The U.S. Nuclear Program Won't Give Up This Shockingly Outdated Form Of Technology

"Nuclear" and "floppy disk": these are not two words that go together — especially not in 2016. And yet it would appear that our nuclear capability largely relies on a magnetic storage medium made obsolete many times over by CDs, USB drives, and now the greater cloud. Sure, we might not want the nuclear launch codes to be hackable to the same degree as naked selfies on iCloud, but running the U.S. nuclear program on 8-inch floppy disks cannot be the answer.

The Pentagon is still using several 1970s-era IBM computer systems that require the disks, according to a new report from the U.S. Government Accountability Office — which sometime in the 1990s dropped the ball on the whole accountability thing. The 8-inch disk is not even the one you're thinking of. The "modern" — and go big on the air quotes when reading this to your friends — floppy disk is just 3.15 inches.

To put this in perspective storage-wise, the 8-inchers, the super obsolete friends of the disks you remember, could only store 80 kilobytes when they were invented in the late 1960s. That means the disks that keep us from unintentionally launching an intercontinental ballistic missile at our enemies — or worse, our friends — does not even have enough storage space for a selfie taken with your original Motorola RAZR (with the one and only front facing camera).

More ridiculous still is how much the government spends maintaining outdated IT systems. The report says the government spends $60 billion a year, yes "billion" with a "B," to keep them going. Give Google 1 percent of that and there'd be an app made within a week — President Obama could start a nuclear armageddon from his iPhone (true, a possible Trump presidency makes that less funny — especially with his stubby fingers).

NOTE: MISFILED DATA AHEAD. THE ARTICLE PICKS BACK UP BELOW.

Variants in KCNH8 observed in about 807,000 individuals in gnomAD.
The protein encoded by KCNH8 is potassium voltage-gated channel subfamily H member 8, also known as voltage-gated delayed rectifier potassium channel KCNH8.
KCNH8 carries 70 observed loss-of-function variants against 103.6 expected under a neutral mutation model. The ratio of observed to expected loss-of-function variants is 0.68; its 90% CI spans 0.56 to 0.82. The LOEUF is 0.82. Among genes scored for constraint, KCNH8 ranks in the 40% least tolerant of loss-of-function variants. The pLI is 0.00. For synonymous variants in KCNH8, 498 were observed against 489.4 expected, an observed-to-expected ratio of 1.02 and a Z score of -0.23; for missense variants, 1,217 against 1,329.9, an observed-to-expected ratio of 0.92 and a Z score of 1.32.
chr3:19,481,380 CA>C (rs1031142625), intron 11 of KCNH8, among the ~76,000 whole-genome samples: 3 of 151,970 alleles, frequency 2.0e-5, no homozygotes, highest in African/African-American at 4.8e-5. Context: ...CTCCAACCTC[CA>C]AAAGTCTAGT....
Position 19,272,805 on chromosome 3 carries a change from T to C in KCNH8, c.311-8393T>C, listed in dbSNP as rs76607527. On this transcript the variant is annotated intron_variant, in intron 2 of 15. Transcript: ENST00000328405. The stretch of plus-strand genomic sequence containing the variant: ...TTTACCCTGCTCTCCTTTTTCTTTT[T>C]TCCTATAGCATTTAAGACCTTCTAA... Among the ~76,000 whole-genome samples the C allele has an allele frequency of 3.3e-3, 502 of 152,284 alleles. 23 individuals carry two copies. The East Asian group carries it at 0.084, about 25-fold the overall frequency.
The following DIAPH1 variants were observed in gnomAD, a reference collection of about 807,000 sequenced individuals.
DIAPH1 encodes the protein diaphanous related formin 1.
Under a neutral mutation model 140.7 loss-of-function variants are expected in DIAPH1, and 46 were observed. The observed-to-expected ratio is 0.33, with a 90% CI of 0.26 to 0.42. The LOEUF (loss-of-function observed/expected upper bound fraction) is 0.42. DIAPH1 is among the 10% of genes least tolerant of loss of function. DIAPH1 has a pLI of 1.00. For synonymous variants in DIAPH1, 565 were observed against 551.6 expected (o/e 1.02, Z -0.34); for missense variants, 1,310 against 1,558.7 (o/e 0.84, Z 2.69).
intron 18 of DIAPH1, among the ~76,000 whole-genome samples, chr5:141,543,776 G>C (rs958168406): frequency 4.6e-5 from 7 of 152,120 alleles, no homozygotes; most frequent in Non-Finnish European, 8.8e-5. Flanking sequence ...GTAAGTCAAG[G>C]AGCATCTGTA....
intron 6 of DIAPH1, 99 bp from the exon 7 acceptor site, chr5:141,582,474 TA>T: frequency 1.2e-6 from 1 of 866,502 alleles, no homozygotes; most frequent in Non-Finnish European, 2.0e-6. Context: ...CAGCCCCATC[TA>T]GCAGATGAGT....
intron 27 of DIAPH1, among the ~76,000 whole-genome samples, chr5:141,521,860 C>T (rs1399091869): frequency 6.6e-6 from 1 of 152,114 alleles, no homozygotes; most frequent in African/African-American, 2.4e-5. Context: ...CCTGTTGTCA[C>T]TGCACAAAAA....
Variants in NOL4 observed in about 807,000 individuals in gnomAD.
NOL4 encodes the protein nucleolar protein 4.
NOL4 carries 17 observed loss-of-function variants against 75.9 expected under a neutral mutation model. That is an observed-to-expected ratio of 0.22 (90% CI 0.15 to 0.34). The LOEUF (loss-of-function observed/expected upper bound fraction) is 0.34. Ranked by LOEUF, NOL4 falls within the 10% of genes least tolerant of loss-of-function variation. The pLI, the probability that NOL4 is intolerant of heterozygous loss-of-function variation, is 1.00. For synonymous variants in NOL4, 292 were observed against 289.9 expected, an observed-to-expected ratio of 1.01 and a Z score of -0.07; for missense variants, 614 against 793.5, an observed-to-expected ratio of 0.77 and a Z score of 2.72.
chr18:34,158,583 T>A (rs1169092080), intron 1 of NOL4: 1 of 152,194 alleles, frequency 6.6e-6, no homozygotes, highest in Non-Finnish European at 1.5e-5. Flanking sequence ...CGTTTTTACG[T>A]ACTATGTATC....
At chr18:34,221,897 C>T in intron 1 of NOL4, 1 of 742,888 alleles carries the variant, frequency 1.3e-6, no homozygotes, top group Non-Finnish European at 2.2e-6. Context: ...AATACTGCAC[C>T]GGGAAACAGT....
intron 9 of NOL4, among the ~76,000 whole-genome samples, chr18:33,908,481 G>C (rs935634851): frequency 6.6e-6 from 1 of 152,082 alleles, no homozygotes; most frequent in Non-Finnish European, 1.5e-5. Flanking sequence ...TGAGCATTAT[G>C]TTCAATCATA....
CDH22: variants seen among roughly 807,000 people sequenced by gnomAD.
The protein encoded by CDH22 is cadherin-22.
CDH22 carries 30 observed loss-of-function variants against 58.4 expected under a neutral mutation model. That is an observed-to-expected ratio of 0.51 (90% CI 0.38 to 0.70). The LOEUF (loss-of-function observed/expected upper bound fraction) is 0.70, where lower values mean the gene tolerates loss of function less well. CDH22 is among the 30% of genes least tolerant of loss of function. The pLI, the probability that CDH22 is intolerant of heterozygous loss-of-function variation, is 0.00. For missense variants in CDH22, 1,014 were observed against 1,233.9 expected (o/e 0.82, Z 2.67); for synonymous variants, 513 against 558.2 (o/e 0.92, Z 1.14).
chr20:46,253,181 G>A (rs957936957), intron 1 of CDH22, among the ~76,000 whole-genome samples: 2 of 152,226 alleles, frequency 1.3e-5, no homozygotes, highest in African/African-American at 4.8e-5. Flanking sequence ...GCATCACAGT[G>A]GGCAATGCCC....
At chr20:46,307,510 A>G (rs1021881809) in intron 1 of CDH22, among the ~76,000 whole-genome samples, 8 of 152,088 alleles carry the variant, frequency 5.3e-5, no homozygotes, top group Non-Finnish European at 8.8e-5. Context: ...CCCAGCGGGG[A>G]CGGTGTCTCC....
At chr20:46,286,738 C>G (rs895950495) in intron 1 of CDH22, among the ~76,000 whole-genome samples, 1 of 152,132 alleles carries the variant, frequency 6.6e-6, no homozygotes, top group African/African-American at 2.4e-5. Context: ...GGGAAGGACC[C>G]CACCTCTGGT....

By the way, that cool $60 billion is 75 percent of all IT spending. "Development, modernization and enhancement" spending has actually decreased in recent years, despite the stated goal of upgrading several systems from the Pentagon to the IRS. As for the nuclear program, Lt. Col. Valerie Henderson, a Defense Department spokeswoman, said there's a reason:

This system remains in use because, in short, it still works. However, to address obsolescence concerns, the floppy drives are scheduled to be replaced with Secure Digital devices by the end of 2017. Modernization across the entire Nuclear Command, Control, and Communications (NC3) enterprise remains ongoing.

My 1991 Honda Civic worked. That did not keep me from needing to get gas every 200 miles on road trips when the fuel pump acted up. This was first reported by the media in 2014 during an episode of 60 Minutes. Sure, if it ain't broke, don't fix it. But upgrading? That's a whole other story.